I remember that most nobility were given titles for their FEALTY in battle.......more later
David Foy states
[In France the name was elevated in feudal times by the knighting of a warrior of Picardy, whose descendents were known as deFoye and who took a fief in Yorkshire about 100 years after the Norman conquest. The title was extinct by about three generations later, but the arms can still be found in standard works of heraldry. The modern British names of Devoe, Dafoe, DeFoye(very rare), Foye, and Foy, are all descended from the Norman deFoye.]
I would suggest that, in the case of fealty or feudalism, that Foy(e) is equivalent to French Fee (a Fief; honoraires (one honored for his service).
CONCERNING the NORMAN DeFOYE nomenclature:
Word Study Continuation:
Eng: Fire < German: Feuer = French: Feu
Eng: Foyer (Hall)< French: Foyer (Fireplace)
Dutch: Foy < Feast for Voyager at Fireplace.
Feu SCOTTISH [fu][Scottish for fee; see FEE], in Scottish history and law, 1. a fee; feudal estate. 2. a renting of land paid for by the holder in grain or money rather than in military service, 3. the land so held.
Feuar Scottish[fu'er) a person who held a feu (fee) or feudal estate.
Now in the feudal days, it was the Feuar who would hold the feasting for the returning knights (voyagers). The one who had the estate had the large hearth (Foyer) for the Feasting (Foy) over the fire (Feu).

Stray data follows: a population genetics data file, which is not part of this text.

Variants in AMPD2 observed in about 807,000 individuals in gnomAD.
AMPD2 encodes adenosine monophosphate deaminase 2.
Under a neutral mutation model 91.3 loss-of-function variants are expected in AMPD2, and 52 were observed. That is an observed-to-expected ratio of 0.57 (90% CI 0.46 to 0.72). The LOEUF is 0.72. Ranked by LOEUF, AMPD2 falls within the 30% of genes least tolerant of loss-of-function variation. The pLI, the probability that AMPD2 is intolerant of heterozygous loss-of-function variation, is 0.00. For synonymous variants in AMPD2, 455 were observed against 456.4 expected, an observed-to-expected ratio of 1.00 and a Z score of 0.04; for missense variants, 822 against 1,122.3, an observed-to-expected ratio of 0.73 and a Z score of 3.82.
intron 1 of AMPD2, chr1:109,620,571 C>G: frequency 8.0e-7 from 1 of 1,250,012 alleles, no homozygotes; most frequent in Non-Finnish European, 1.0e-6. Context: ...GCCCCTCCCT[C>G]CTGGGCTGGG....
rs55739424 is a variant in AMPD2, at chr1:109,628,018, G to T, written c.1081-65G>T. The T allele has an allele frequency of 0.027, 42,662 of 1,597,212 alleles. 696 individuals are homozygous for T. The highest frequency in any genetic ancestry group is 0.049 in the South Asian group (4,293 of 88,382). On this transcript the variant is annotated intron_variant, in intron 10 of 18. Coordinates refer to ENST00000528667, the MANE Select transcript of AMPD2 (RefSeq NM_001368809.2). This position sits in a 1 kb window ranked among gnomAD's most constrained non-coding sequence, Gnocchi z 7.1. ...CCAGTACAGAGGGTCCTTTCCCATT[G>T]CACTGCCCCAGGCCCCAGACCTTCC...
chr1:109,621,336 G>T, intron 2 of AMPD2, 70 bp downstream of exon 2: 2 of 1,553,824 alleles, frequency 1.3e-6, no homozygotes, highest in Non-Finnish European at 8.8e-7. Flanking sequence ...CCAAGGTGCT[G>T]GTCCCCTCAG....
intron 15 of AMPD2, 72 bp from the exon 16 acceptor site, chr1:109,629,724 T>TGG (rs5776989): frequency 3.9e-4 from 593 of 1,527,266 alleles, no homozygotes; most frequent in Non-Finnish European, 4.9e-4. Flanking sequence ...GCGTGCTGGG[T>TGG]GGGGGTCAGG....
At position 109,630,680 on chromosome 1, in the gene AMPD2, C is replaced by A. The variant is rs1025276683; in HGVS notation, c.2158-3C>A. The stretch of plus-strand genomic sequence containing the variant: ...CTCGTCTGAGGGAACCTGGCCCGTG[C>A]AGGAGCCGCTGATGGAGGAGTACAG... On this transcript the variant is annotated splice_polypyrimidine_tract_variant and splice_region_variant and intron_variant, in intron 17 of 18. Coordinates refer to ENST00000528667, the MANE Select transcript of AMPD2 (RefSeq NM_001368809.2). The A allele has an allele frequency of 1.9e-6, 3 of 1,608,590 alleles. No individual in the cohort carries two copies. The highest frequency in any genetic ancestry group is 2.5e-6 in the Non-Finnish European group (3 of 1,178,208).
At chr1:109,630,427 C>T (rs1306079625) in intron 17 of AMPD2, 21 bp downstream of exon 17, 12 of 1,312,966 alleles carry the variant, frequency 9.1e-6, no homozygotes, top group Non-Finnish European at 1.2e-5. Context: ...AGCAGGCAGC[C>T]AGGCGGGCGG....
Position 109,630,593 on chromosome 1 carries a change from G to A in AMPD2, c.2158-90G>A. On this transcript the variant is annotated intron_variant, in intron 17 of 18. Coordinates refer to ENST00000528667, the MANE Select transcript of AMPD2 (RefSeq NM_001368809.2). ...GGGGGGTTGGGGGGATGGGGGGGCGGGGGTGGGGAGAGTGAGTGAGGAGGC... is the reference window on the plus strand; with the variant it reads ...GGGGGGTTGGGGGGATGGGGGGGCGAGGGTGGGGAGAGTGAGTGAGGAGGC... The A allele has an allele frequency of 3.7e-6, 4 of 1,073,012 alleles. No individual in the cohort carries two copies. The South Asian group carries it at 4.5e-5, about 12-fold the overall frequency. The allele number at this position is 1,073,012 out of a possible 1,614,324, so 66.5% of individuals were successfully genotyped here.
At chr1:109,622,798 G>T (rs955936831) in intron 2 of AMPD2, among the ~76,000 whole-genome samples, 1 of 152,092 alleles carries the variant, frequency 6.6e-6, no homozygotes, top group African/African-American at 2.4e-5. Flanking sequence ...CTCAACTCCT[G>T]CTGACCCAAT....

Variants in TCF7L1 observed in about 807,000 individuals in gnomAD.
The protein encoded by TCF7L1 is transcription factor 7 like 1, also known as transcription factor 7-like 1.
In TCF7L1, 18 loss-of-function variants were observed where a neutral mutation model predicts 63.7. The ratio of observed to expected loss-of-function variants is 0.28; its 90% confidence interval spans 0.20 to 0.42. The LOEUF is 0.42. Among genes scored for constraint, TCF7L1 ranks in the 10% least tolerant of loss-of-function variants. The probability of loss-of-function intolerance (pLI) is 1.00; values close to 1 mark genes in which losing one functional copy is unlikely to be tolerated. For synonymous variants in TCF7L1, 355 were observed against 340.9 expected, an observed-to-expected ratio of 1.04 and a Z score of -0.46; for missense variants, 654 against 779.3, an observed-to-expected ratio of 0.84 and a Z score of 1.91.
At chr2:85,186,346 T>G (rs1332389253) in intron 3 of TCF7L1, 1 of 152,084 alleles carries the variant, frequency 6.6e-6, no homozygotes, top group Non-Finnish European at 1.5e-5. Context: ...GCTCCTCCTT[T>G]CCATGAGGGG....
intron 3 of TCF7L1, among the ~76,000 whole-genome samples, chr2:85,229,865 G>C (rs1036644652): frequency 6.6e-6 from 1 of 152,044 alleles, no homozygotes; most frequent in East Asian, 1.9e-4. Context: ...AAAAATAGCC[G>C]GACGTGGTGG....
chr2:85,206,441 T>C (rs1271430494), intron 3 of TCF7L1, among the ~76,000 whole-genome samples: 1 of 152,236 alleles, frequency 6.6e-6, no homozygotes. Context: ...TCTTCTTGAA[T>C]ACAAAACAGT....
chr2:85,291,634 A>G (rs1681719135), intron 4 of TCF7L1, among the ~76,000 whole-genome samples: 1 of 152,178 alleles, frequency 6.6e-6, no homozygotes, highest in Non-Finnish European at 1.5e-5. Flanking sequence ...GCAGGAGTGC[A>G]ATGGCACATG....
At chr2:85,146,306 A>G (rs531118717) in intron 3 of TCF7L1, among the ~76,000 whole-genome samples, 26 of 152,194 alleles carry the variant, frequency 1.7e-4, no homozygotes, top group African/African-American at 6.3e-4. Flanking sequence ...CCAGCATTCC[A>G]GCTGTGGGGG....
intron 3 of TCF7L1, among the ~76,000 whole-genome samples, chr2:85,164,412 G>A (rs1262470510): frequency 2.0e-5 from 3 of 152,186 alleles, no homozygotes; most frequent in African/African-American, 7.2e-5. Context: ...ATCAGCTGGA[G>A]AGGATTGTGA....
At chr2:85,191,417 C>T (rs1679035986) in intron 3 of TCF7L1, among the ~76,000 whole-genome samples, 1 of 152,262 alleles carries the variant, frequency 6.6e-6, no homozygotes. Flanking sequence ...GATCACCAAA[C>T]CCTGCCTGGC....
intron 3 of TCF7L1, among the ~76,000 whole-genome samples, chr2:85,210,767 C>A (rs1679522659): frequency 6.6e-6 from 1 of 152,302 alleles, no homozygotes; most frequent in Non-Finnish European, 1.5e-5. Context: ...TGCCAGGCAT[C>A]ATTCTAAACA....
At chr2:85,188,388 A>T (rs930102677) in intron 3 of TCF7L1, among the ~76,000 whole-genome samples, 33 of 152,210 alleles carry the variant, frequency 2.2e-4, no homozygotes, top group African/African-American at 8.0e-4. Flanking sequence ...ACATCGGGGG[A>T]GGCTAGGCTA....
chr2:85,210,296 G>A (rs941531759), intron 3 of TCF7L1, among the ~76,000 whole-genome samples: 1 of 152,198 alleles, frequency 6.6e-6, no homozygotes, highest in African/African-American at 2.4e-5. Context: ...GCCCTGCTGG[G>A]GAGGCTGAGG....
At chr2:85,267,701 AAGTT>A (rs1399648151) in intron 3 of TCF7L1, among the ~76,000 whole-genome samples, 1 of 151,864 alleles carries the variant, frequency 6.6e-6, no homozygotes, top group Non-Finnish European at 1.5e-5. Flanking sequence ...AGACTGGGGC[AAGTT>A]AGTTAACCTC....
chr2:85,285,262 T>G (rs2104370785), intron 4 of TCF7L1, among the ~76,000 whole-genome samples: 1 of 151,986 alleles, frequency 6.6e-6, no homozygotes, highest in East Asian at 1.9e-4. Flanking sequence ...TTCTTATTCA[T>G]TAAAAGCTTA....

Those who would not serve as knights worked the land as fiefs in this fiefdom and paid a fee (Feu) to the Feuar.
Fee English(Fe)n. (ME, fee, feo, fief, payment; anglo-Fr, fee, fie (OFr. feu, fiu, fief); associated with ME. feo, feoh (
1. Originally, heritable land held from a feudal lord in return for service; fiedr; feudal benefice; also called feud. b) the right to hold such land.
What we see here, is that the Estate holder, the Feuar, would give a grant of land (Feud) as a reward or beneficience to one who served him in the military.
Feudalism: the feudal system; economic, political, and social organization of medieval Europe, in which land, worked by serfs attached to it, was held by vassals ( a feudal tenant)in exchange for military and other services given to overlords;
Now no Feuar was worth his salt if he did not have a Feud with a Foe. (perhaps a neighboring Feuar or even his tenant with whom he had an agreement to provide land for his military or other service.
Foe English: (Fo) n. [ME, fo, ifo; AS, fah, hostile, (ge) fah, enemy; akin to OHG, gefeh, at feud, hostile; for IE, base see Feud, an enemy; opponent.
Fehde German: f. Feud, quarrel